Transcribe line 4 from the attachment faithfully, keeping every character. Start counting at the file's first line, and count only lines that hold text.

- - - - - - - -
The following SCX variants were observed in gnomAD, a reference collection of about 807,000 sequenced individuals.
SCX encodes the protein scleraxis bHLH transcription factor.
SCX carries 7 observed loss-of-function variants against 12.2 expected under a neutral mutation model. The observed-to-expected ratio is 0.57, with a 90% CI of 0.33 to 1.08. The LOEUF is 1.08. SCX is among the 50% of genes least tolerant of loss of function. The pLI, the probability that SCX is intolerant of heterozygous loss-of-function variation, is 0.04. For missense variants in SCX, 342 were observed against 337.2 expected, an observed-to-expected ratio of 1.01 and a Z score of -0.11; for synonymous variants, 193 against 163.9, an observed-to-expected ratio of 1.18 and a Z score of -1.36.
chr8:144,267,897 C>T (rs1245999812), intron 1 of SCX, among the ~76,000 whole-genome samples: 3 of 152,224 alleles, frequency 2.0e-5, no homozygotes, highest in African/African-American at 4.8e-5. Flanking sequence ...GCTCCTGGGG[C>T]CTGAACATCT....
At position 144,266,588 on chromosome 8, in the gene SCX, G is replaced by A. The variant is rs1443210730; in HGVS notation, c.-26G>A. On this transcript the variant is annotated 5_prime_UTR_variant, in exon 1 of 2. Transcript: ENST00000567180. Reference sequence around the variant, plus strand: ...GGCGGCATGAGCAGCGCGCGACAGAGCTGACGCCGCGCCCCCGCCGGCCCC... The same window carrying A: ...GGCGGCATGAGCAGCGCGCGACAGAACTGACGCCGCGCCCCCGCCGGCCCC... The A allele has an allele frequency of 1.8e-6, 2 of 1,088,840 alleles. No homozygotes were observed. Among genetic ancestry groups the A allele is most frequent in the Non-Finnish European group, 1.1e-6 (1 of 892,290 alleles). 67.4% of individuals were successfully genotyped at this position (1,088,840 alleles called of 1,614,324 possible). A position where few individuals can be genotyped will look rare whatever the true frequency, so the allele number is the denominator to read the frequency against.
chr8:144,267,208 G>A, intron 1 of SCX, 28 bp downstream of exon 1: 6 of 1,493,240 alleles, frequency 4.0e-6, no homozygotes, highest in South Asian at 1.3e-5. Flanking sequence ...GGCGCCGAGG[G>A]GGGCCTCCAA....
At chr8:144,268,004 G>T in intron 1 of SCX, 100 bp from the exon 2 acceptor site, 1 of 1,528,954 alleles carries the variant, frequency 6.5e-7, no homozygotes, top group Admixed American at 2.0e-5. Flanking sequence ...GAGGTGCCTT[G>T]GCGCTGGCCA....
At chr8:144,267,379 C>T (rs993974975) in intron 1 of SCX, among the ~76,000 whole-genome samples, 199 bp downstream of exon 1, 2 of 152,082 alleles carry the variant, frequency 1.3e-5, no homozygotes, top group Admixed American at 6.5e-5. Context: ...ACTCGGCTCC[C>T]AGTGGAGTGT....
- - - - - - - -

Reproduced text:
chr8:144,267,897 C>T (rs1245999812), intron 1 of SCX, among the ~76,000 whole-genome samples: 3 of 152,224 alleles, frequency 2.0e-5, no homozygotes, highest in African/African-American at 4.8e-5. Flanking sequence ...GCTCCTGGGG[C>T]CTGAACATCT....